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The strategy of delinquency control : a critical survey of recent developments and a proposal for some local applications. Liquornik, Israel

Abstract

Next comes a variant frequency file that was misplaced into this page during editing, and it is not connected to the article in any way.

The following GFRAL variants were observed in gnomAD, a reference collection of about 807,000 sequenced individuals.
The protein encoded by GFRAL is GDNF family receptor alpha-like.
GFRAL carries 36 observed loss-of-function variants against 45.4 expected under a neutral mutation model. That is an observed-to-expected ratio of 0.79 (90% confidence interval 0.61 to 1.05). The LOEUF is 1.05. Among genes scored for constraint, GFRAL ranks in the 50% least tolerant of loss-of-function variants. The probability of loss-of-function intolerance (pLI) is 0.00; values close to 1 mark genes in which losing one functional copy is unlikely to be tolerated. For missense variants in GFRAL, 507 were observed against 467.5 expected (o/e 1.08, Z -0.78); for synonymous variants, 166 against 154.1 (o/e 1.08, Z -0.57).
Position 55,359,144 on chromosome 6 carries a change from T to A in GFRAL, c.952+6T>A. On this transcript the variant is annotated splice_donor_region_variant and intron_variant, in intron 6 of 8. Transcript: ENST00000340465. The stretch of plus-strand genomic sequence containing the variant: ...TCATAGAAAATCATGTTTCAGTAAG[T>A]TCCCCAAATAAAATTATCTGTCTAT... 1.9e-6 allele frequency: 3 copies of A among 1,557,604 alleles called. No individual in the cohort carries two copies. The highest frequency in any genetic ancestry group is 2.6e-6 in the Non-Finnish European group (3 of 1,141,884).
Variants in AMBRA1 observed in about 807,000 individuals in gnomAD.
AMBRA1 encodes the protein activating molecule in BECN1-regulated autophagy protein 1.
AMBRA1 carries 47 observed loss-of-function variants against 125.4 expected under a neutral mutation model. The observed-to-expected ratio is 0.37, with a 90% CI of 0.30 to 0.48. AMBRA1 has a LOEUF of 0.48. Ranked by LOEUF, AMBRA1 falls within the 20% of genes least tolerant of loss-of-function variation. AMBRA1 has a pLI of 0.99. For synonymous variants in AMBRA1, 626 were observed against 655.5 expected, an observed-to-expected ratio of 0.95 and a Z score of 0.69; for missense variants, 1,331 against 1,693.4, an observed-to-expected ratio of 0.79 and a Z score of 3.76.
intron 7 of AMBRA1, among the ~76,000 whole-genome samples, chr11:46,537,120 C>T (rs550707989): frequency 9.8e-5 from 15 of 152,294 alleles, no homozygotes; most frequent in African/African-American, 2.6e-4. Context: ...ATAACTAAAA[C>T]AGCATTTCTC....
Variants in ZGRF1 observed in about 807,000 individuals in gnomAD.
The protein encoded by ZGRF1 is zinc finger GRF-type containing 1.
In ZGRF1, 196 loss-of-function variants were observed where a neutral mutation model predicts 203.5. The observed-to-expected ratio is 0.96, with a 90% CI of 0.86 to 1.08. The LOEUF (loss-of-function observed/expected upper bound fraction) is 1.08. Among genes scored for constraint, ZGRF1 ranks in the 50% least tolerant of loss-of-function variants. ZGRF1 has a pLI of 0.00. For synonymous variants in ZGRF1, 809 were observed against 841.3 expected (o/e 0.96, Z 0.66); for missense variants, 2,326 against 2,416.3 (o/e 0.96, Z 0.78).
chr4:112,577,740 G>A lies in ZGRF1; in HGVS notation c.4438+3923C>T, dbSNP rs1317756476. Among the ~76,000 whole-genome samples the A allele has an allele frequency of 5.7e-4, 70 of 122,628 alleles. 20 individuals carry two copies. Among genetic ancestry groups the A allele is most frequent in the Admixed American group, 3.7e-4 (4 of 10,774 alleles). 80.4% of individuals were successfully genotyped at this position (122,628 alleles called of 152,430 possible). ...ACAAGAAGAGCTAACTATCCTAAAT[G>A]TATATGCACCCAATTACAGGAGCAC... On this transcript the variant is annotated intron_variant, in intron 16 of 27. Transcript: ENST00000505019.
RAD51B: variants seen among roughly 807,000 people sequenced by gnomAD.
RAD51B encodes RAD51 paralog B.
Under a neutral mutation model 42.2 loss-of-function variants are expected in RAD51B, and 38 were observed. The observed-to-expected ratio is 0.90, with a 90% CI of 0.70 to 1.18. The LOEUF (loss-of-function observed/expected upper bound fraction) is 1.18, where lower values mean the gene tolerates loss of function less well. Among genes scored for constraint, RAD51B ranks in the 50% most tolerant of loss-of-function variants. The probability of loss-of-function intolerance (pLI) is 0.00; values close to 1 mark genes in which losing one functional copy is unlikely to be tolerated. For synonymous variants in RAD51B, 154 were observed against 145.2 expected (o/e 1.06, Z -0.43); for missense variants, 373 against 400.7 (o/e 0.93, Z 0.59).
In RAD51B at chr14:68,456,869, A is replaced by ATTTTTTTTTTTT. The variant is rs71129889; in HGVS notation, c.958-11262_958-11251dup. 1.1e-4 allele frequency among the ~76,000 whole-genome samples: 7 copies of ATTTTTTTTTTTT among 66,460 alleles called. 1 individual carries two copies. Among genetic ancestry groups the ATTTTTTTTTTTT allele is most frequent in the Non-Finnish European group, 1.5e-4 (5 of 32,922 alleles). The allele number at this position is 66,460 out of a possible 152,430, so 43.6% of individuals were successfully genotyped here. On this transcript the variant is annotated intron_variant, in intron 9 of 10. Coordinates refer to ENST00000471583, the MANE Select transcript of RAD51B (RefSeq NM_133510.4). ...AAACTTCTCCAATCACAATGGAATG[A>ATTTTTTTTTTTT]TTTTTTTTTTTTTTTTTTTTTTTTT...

Although there are immense philosophical and technical difficulties in assessing the dimensions and severity of a social problem, there can be little doubt that juvenile delinquency is a proper subject of deep public concern. At the present time, however, few of the methods commonly employed in dealing with it appear to have more than a marginal effect on its ever-increasing prevalence. Part of this problem seems to be attributable to the heterogeneous and often contradictory character of the available etiologies of juvenile delinquency. But part also would appear to derive from the stereotyped reliance on a "case" approach to the phenomenon; an approach which, though legitimate and. even indispensable when some form of psychiatric abnormality is involved in the genesis of delinquent behavior, is manifestly inept when the problem has reached epidemic proportions. The aim of this study, therefore, is to examine a number of recent attempts - of both scientific and a practical nature-to formulate alternative arid demonstrably more effective techniques of solving or mitigating the problem of juvenile delinquency. In fact, many of the programs reviewed do give promise of an altogether higher level of usefulness than can be assigned to the methods which are currently favoured. The position is taken that juvenile delinquency can only be dealt with competently if the decisions underlying the employment of particular programs are based upon essentially strategic considerations of (a) the type of delinquency at Issue, (b) the nature of the causal factors predominating in its occurrence, and (c) the consequent differences in the aptness of the several alternative responses to the problem. The composition and condition of local correctional services are reviewed and evaluated in the light of this critical principle and are found to be alarmingly inadequate to its demands. It is argued that a region, such as British Columbia, which is in the convulsions of rapid social change, is under a particular necessity to anticipate and plan for its social problems with strategic breadth and intelligence.

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